Last year, Portland publisher Craigmore Creations put out the first in their Little Naturalist series, Flowers by Number (reviewed here). They have just published two more titles in the series, one being Letters of the West: An ABC BOOK of the Many Plants, Animals, and Other Curious Features of the West, the other Tracks Count: A Guide to Counting Animal Prints.
In Letters of the West: An ABC Book of the Many Plants, Animals, and Other Curious Features of the West (Craigmore Creations, 2014, 32 pp), Michelle E. Walch and John Maddin – husband and wife – combine simple yet interesting information about natural history with pleasantly bold illustrations. From the light of Alpenglow to wading Herons, and hoarding Squirrels to Zigzag, Oregon, the flora and fauna of the west are captured in this splendid book. While the entries cover the west generally, readers in the Pacific Northwest will relate to Beaver, Spotted Owl, Trillium, and Waterfall. A nice touch is that for plants and animals that are featured, they have included the scientific, Latin name. Books about science and nature that share concise information with visually appealing artwork can light a curiosity flame in the minds of young readers. May the Little Naturalist series and Letters of the West do just that, while helping preschoolers learn their alphabet.
Likewise for Tracks Count: A Guide to Counting Animal Prints (Craigmore Creations, 2014, 32 pp) by Steve Engel and illustrated by Alexander Petersen. Learning to count often involves a child’s fingers and toes. So why not also count animal toes? Engel, who previously oversaw adult education at the Audubon Society of Portland and now at the Jackson Bottom Wetlands Preserve in Hillsboro, not only shares animal tracks that can be found in the Portland area, but some from around the world too. The numbers 1 through 5 are shown as single tracks from an individual animal, while 6 through 1o are represented as tracks from two animals. A moose has 2 toes, while a rhinoceros leaves a three-toed pad depression. Raccoons leave 5-toed tracks, while the toes of a wolf and bear crossing paths adds up to 9. Following the track counting, Craigmore Creation’s naturalist/author David Shapiro provides information about all of the animals featured. The artwork by Petersen of the tracks and the animals in their habitats is warm in its earthy tones.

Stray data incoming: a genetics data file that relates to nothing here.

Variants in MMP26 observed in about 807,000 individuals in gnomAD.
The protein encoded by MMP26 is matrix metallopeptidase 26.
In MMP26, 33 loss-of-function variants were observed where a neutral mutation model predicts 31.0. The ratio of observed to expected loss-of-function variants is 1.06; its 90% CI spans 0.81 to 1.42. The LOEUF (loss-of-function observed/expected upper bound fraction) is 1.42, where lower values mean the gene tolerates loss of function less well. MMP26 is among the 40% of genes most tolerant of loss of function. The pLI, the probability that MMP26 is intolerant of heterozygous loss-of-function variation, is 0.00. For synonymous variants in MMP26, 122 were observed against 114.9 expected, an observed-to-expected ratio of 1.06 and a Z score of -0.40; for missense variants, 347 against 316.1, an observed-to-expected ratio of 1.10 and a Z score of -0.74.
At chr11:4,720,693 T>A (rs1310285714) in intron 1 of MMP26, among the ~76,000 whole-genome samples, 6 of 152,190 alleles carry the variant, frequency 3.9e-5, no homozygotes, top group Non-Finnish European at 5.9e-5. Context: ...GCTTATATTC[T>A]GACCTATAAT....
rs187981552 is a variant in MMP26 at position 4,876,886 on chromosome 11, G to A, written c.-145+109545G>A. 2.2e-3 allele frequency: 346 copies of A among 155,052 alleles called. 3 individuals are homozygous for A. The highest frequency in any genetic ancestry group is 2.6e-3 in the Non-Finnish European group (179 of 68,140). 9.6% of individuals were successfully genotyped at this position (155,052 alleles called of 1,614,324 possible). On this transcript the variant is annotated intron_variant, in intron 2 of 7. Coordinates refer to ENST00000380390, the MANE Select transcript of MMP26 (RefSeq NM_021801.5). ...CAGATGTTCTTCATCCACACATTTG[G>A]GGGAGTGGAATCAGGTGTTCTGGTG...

Alright, so we have flowers, natural history of the West, and animal tracks teamed up with counting numbers and learning the ABCs. I look forward to seeing what’s next in the Little Naturalist series.